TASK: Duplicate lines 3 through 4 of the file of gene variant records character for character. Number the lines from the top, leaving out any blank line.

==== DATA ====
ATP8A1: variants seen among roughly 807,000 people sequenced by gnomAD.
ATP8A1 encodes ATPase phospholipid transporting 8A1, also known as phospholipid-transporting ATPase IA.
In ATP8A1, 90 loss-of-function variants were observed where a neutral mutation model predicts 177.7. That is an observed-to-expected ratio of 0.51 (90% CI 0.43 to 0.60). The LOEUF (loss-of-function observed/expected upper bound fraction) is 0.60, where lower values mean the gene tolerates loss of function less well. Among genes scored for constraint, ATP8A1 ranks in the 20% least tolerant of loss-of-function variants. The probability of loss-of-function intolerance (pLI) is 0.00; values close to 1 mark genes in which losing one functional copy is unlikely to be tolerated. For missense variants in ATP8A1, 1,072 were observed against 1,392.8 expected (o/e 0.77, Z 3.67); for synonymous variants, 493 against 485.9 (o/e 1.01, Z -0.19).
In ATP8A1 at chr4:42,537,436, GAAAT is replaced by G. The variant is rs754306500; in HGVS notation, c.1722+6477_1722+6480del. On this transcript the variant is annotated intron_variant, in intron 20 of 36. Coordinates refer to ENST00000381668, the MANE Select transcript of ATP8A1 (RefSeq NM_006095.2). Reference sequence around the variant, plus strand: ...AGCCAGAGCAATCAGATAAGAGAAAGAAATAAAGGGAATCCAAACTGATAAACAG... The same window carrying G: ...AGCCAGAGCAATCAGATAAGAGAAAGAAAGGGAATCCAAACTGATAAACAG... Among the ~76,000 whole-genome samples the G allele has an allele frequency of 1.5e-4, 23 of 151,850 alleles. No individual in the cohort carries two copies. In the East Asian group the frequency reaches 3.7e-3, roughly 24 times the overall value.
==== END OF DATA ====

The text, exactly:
In ATP8A1, 90 loss-of-function variants were observed where a neutral mutation model predicts 177.7. That is an observed-to-expected ratio of 0.51 (90% CI 0.43 to 0.60). The LOEUF (loss-of-function observed/expected upper bound fraction) is 0.60, where lower values mean the gene tolerates loss of function less well. Among genes scored for constraint, ATP8A1 ranks in the 20% least tolerant of loss-of-function variants. The probability of loss-of-function intolerance (pLI) is 0.00; values close to 1 mark genes in which losing one functional copy is unlikely to be tolerated. For missense variants in ATP8A1, 1,072 were observed against 1,392.8 expected (o/e 0.77, Z 3.67); for synonymous variants, 493 against 485.9 (o/e 1.01, Z -0.19).
In ATP8A1 at chr4:42,537,436, GAAAT is replaced by G. The variant is rs754306500; in HGVS notation, c.1722+6477_1722+6480del. On this transcript the variant is annotated intron_variant, in intron 20 of 36. Coordinates refer to ENST00000381668, the MANE Select transcript of ATP8A1 (RefSeq NM_006095.2). Reference sequence around the variant, plus strand: ...AGCCAGAGCAATCAGATAAGAGAAAGAAATAAAGGGAATCCAAACTGATAAACAG... The same window carrying G: ...AGCCAGAGCAATCAGATAAGAGAAAGAAAGGGAATCCAAACTGATAAACAG... Among the ~76,000 whole-genome samples the G allele has an allele frequency of 1.5e-4, 23 of 151,850 alleles. No individual in the cohort carries two copies. In the East Asian group the frequency reaches 3.7e-3, roughly 24 times the overall value.